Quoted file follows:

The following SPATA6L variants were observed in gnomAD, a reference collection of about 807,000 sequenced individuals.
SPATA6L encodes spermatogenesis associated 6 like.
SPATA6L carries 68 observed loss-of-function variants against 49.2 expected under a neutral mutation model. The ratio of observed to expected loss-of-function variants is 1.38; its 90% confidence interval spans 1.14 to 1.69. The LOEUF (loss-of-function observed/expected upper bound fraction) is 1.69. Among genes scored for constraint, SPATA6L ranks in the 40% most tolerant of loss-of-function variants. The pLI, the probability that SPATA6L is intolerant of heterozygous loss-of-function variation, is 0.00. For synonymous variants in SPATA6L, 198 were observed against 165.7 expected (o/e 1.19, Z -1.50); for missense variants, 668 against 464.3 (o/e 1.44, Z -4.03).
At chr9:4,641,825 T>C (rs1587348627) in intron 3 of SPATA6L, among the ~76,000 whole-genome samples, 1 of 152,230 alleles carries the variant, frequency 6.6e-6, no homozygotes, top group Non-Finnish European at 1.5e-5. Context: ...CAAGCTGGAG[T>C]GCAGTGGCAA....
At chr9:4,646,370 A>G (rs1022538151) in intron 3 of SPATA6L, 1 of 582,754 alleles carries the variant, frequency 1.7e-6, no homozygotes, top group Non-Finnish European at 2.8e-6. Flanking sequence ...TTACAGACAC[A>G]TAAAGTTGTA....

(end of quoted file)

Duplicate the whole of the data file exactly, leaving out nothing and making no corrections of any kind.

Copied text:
The following SPATA6L variants were observed in gnomAD, a reference collection of about 807,000 sequenced individuals.
SPATA6L encodes spermatogenesis associated 6 like.
SPATA6L carries 68 observed loss-of-function variants against 49.2 expected under a neutral mutation model. The ratio of observed to expected loss-of-function variants is 1.38; its 90% confidence interval spans 1.14 to 1.69. The LOEUF (loss-of-function observed/expected upper bound fraction) is 1.69. Among genes scored for constraint, SPATA6L ranks in the 40% most tolerant of loss-of-function variants. The pLI, the probability that SPATA6L is intolerant of heterozygous loss-of-function variation, is 0.00. For synonymous variants in SPATA6L, 198 were observed against 165.7 expected (o/e 1.19, Z -1.50); for missense variants, 668 against 464.3 (o/e 1.44, Z -4.03).
At chr9:4,641,825 T>C (rs1587348627) in intron 3 of SPATA6L, among the ~76,000 whole-genome samples, 1 of 152,230 alleles carries the variant, frequency 6.6e-6, no homozygotes, top group Non-Finnish European at 1.5e-5. Context: ...CAAGCTGGAG[T>C]GCAGTGGCAA....
At chr9:4,646,370 A>G (rs1022538151) in intron 3 of SPATA6L, 1 of 582,754 alleles carries the variant, frequency 1.7e-6, no homozygotes, top group Non-Finnish European at 2.8e-6. Flanking sequence ...TTACAGACAC[A>G]TAAAGTTGTA....